Keeping Hackers Away from Your Car, Fridge, and Front Door

    In the ever-growing Internet of Things, attackers already outpace the defenders. If developing solutions for software liability doesn't become more of a priority, there may be no winning this technological war.

    Dec 7, 2015 The National Interest

  • Malware phishing data concept

    Social Engineering Explained: The Human Element in Cyberattacks

    The human element is the most unpredictable factor in cybersecurity. A social engineer aims to make people do what they want or give the social engineer information, often without the person considering the negative consequences.

    Oct 20, 2015 The Cipher Brief

  • An illustration of a projection of binary code on a man holding a laptop computer

    Is It Time to Appoint a Data Security Czar?

    Cybersecurity needs to become more of a priority for the government and private corporations. Whatever the solution, public and private officials need to do a better job of weighing the risk-benefit calculation of storing data on Internet-accessible computers and justifying data-handling protocols.

    Sep 3, 2015 Newsweek

  • Lily Ablon holding medal received for winning DEF CON 21 challenge at Def Con Cybersecurity conference

    The Good Hacker: Q&A with Lillian Ablon

    Lillian Ablon talks about hacking, winning the DEF CON black badge, women in STEM, and more.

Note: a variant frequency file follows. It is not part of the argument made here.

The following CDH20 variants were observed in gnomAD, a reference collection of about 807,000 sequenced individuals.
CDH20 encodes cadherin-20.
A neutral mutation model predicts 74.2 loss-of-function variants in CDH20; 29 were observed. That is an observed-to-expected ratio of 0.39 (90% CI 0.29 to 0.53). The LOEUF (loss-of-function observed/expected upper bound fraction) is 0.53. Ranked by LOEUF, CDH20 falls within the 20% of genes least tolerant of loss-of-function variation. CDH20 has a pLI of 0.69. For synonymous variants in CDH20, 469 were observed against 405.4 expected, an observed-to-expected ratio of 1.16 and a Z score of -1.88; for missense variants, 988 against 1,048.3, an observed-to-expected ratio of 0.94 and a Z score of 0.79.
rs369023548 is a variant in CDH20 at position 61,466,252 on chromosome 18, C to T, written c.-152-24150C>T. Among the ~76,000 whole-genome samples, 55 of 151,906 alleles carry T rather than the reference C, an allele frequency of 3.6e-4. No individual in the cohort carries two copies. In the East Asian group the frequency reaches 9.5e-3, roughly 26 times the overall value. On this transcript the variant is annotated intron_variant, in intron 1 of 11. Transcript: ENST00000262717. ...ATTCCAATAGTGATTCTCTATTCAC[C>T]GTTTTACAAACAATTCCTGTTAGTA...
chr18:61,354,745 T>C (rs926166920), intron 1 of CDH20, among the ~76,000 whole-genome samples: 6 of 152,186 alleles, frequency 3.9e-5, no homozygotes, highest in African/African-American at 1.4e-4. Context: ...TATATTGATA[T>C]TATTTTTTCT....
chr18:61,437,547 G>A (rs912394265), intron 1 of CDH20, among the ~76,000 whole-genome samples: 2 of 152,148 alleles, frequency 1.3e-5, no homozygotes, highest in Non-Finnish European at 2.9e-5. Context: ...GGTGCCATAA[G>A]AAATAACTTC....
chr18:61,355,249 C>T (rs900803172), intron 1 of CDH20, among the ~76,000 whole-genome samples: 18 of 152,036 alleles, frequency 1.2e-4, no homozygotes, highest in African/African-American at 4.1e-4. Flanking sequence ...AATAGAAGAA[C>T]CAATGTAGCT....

Jan 16, 2015

  • People pose in front of a display showing the word 'cyber' in binary code, Zenica, Bosnia and Herzegovina, December 27, 2014

    After a Year of Major Hacks, 2015 Resolutions to Bolster Cyber Security

    With numerous data breaches and emerging software vulnerabilities, 2014 was the year the hack went viral. But realizing a few New Year's resolutions in 2015 could help defenders make strides in protection, tools, and techniques to gain the edge over cyber attackers in years to come.

    Dec 31, 2014 U.S. News & World Report

  • Oscar-winning actress Jennifer Lawrence has contacted authorities to investigate who stole and posted nude images of her online, part of a reported mass hacking of celebrities' intimate photos

    Hackerazzi: How Naked Celebrities Might Make the Cloud Safer

    Despite data breach after data breach that lays bare the personal information of millions of people, leading to only incremental changes by the hacked company, it seems it only takes a handful of celebrity nude selfies to bring issues like cloud security and multi-factor authentication to the fore causing immediate changes.

    Sep 8, 2014 The RAND Blog

  • hands on a computer keyboard in a dark room

    The Hackers' Bazaar

    Today's cyber black markets have evolved into playgrounds of financially driven, highly organized and sophisticated groups, often connected with traditional crime organizations.

    Apr 11, 2014 Politico

  • Man at Security Checkpoint

    Fake Boarding Pass Fears Inflated

    Instead of ratcheting back the PreCheck program because of manufactured fears about security lapses, TSA should be encouraged to expand this program to more airlines, more airports and more infrequent travelers, write Jack Riley and Lily Ablon.

    Dec 12, 2012 USA Today